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QUADRATIC FORMS

ANDREW SWANN

C ONTENTS 1. 2. 3. 4. 5. 6. 7. Introduction Symmetric Matrices Orthogonal Changes of Coordinates Classifying Degree Two Curves in the Plane An Extremal Problem Arbitrary Changes of Coordinate Critical Points of Smooth Functions 89 90 91 94 95 97 98

1. I NTRODUCTION

this point we have concentrated on applications of vectors and matrices to linear problems, particularly solutions of linear equations. However, the theory we have developed is rather exible and in particular lends itself well to certain situations that are quadratic in nature. Consider the following equation in the plane:
PTO

7x2 + 8xy + y2 3x + 2y 1 = 0.

(1.1)

Here we place one constraint on two variables, so we would expect the solution set to be a curve. What type of curve? We are familiar with some curves that are described by equations like (1.1). Four particular examples come to mind Circle: x2 + y2 = r2 . Ellipse: (x2 /a2 ) + (y2 /b2 ) = 1 Parabola: y = ax2 . Hyperbola: (x2 /a2 ) (y2 /b2 ) = 1.
Date: December, 1999; minor revisions January, 1999.
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ANDREW SWANN

Below we will see that together with straight lines these are essentially the only curves that can arise. We will also show how we can decide which of these correspond to (1.1).

2. S YMMETRIC M ATRICES

ET

have

A be an n n symmetric matrix. The quantity xt Ax denes a poly2 nomial in the n coordinates of x. For example, if A = 5 3 then we 2 xt Ax = x1 x2 5 2 2 3 x1 = 5x2 + 4x1 x2 3x2 . 1 2 x2

In general this procedure produces a polynomial that is quadratic in the variables x1 , . . . , xn : qA (x1 , x2 , . . . , xn ) = xt Ax =
n

i=1 j=1

ai j xix j = aiix2 + i
i=1

1=i< j n

2ai j xi x j .

Denition 2.1. We call qA the quadratic form associated to A. Moreover, any quadratic polynomial without linear or constant terms can be written as xt Ax for a suitable choice of A: if q(x1 , . . ., xn ) = bi x2 + i
i=1 n

1=i< j n

ci j xi x j ,

then q = qA , where b1 1 c12 A = 2 . . .


1 2 c1n

1 2 c12

b2 .. .
1 2 c2n

... ... . . . ...

1 2 c1n 1 2 c2n bn

Pay particular attention to the factor 1/2 that appears in front of the coefcients ci j .

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The two most common examples one encounters are: n=2: A= a b a A = h g b , c h g b f , f c qA (x, y) = ax2 + 2bxy + cy2 ,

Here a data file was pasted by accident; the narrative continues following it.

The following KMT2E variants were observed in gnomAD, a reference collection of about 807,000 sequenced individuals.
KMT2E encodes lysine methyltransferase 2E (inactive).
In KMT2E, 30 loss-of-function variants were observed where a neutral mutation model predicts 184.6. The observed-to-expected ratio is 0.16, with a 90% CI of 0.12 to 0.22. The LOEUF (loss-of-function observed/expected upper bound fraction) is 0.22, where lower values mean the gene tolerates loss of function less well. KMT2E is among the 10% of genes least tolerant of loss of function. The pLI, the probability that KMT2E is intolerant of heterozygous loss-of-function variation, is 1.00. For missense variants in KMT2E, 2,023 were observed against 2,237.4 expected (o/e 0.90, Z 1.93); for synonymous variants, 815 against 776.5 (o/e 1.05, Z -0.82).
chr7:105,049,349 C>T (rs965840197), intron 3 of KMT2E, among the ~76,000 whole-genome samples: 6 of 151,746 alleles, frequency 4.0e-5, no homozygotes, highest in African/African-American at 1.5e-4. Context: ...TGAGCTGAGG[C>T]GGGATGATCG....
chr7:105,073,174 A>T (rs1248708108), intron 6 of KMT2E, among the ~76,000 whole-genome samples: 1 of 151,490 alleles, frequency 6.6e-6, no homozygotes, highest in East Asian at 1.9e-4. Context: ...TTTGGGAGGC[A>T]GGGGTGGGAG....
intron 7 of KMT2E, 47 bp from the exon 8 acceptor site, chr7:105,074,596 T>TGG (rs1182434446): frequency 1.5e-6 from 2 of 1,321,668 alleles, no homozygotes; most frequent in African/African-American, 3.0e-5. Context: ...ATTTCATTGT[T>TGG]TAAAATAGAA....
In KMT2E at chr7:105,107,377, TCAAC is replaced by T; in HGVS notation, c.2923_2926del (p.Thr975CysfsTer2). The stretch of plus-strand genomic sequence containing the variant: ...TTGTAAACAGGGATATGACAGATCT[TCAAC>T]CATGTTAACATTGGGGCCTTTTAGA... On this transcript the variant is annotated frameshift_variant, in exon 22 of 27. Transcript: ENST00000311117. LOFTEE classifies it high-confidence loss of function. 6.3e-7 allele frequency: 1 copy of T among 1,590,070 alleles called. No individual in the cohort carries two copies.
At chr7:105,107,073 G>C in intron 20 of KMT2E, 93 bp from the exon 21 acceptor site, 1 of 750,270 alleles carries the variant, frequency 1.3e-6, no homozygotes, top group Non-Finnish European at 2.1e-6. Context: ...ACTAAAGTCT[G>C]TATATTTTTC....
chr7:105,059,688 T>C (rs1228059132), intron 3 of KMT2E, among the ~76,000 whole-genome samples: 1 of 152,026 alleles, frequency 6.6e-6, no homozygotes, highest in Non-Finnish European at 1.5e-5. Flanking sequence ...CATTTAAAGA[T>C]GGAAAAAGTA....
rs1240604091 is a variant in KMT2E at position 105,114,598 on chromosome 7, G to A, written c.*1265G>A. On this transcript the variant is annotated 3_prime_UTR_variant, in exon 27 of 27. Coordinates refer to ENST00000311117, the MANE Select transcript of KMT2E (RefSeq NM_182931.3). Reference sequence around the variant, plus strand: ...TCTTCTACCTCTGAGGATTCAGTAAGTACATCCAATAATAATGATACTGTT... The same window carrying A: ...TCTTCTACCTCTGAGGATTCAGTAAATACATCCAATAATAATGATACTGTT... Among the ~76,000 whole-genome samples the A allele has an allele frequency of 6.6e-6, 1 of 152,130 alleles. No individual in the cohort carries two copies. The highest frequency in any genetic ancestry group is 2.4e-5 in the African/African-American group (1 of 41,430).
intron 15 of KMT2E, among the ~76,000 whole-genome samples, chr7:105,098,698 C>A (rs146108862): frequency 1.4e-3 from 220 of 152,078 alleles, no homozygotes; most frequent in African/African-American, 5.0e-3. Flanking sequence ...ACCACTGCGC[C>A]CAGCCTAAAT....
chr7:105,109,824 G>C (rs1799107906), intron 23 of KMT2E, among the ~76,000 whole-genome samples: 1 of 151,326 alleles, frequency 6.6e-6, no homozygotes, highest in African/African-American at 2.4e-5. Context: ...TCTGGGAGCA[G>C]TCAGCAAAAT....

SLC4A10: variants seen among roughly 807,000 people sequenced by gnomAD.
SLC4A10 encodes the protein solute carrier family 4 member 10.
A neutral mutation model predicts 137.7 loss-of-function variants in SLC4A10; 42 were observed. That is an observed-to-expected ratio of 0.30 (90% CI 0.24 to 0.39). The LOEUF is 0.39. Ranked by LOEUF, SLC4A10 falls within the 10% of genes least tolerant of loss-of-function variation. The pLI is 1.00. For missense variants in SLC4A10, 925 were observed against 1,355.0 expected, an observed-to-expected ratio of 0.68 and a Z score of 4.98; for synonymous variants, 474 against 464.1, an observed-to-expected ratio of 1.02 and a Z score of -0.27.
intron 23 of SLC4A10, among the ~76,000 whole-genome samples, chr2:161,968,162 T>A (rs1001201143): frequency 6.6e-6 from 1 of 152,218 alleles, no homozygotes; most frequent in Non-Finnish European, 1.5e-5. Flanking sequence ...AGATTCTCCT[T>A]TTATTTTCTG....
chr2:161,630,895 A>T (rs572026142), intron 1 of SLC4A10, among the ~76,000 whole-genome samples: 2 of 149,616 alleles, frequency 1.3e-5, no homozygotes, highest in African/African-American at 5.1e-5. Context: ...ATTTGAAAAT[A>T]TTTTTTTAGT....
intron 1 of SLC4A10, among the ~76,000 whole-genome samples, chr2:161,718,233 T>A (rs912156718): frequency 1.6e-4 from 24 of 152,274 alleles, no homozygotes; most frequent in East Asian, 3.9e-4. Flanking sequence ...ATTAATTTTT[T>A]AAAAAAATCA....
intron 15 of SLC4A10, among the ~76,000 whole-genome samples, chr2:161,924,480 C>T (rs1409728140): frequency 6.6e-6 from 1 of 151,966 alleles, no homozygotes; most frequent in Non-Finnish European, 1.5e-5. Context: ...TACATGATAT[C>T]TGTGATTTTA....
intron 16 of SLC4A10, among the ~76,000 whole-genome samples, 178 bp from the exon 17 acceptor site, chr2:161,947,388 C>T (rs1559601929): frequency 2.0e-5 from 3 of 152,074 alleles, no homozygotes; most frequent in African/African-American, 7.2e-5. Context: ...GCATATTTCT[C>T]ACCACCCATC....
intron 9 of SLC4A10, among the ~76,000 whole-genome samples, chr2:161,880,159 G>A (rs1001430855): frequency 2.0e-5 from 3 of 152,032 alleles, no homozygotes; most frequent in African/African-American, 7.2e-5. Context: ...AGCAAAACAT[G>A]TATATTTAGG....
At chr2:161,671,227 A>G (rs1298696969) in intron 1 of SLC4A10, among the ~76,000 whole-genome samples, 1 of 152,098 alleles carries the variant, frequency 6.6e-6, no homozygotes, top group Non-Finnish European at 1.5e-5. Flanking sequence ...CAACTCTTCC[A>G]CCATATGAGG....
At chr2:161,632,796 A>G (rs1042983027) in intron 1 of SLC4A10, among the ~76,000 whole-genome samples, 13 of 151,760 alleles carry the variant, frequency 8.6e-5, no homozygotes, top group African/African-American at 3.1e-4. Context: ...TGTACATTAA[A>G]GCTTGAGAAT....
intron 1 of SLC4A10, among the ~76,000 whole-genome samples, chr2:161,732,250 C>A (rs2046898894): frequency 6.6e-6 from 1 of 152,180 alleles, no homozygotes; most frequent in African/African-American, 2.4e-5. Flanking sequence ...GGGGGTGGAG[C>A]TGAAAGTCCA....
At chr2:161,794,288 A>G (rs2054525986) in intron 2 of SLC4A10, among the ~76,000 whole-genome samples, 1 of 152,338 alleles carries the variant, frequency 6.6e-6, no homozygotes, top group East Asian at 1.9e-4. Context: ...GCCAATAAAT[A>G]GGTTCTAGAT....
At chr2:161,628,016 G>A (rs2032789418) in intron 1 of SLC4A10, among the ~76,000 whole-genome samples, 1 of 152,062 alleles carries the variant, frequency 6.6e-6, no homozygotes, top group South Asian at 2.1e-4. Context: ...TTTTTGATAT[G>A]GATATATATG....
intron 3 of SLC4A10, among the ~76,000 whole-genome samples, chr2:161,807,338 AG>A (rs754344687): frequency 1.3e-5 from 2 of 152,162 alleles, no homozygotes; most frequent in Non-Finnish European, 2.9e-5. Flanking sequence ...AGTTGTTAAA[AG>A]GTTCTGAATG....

n=3:

qA (x, y, z) = ax2 + by2 + cz2 + 2 f yz + 2gxz + 2hxy.

The naming of the entries in the 3 3 case is standard in mechanics and I nd the following mnemonic helpful All Hairy Gorillas Have Big Feet Good For Climbing The other special case to note is when A is a diagonal matrix: 1 2 A= , .. . n 3. O RTHOGONAL C HANGES
OF

qA (x1 , x2 , . . . , xn ) = 1 x1 2 + 2 x2 2 + + n xn 2 C OORDINATES

UPPOSE

we make a change of coordinates, how does this affect the polynomial q? If x = P for some invertible n n matrix P, then x qA (x) = xt Ax = xt Pt AP = qPt AP ( ). x x (3.1)

We thus get a new quadratic form represented by the matrix Pt AP. Note that this is different from the formula describing how the matrix [T ]B of B a linear transformation changes: we have the transpose Pt instead of the inverse P1 . However, if P is an orthogonal matrix, then Pt = P1 . We can thus use our theorem on diagonalisability of symmetric matrices to deduce: Theorem 3.1. Let qA be the quadratic form associated to symmetric matrix A. Then there is an orthogonal matrix P such that n 2 qPt AP (x1 , . . . , xn ) = 1 x2 + 2 x2 + + n x2 1

where 1 , . . ., n are the eigenvalues of A.

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The directions dened by the columns of P are called the principal axes of qA . Example 3.2. Consider the ellipse
1 2 1 2 4 x + 9 y = 1. 1 form is 1 x2 + 9 y2 4

In this case the quadratic and the associated matrix is diagonal, so the principal axes are aligned with the coordinate axes. Example 3.3. Consider the equation 5x2 4xy + 5y2 = 1. (3.2)
5 2 2 5

The quadratic form 5x2 4xy + 5y2 has matrix A = istic polynomial of this matrix is det(I A) = det

. The character-

5 2 = 2 10 + 21 = ( 3)( 7), 2 5

so A has eigenvalues 3 and 7. We now compute the corresponding eigenvectors:


2 = 3: We solve 0 = (3I A) [ x ] = 2 2 [ x ], so x = y and a cory y 2 0 1 1 . responding unit eigenvector is 1 2

= 7: We now have 0 = (7I A) [ x ] = 2 2 [ x ], so x = y and a y 22 y 0 1 corresponding unit eigenvector is 1 . 1


2 1 1 1 2 1 1

Thus taking P = becomes

gives us a coordinate system in which (3.2) 3x2 + 7y2 = 1,